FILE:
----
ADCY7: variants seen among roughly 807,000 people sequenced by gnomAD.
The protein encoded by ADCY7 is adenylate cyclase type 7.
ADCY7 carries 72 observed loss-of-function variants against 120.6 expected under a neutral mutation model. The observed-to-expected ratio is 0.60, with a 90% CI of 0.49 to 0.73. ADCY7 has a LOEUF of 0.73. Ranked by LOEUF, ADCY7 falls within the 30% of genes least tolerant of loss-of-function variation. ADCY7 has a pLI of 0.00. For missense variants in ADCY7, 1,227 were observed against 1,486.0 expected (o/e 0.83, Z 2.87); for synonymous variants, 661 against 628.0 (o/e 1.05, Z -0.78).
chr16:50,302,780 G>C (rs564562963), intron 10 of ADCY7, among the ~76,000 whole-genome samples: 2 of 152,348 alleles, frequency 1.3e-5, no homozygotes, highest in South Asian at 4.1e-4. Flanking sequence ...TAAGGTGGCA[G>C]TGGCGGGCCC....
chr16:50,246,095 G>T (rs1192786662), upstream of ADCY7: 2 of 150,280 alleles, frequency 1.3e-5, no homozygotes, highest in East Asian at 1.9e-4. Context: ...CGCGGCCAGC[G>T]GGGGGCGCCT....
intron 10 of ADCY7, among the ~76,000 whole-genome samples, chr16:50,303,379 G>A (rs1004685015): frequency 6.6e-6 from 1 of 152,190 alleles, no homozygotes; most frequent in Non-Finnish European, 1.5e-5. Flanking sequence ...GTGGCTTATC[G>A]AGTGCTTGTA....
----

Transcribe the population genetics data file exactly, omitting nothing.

ADCY7: variants seen among roughly 807,000 people sequenced by gnomAD.
The protein encoded by ADCY7 is adenylate cyclase type 7.
ADCY7 carries 72 observed loss-of-function variants against 120.6 expected under a neutral mutation model. The observed-to-expected ratio is 0.60, with a 90% CI of 0.49 to 0.73. ADCY7 has a LOEUF of 0.73. Ranked by LOEUF, ADCY7 falls within the 30% of genes least tolerant of loss-of-function variation. ADCY7 has a pLI of 0.00. For missense variants in ADCY7, 1,227 were observed against 1,486.0 expected (o/e 0.83, Z 2.87); for synonymous variants, 661 against 628.0 (o/e 1.05, Z -0.78).
chr16:50,302,780 G>C (rs564562963), intron 10 of ADCY7, among the ~76,000 whole-genome samples: 2 of 152,348 alleles, frequency 1.3e-5, no homozygotes, highest in South Asian at 4.1e-4. Flanking sequence ...TAAGGTGGCA[G>C]TGGCGGGCCC....
chr16:50,246,095 G>T (rs1192786662), upstream of ADCY7: 2 of 150,280 alleles, frequency 1.3e-5, no homozygotes, highest in East Asian at 1.9e-4. Context: ...CGCGGCCAGC[G>T]GGGGGCGCCT....
intron 10 of ADCY7, among the ~76,000 whole-genome samples, chr16:50,303,379 G>A (rs1004685015): frequency 6.6e-6 from 1 of 152,190 alleles, no homozygotes; most frequent in Non-Finnish European, 1.5e-5. Flanking sequence ...GTGGCTTATC[G>A]AGTGCTTGTA....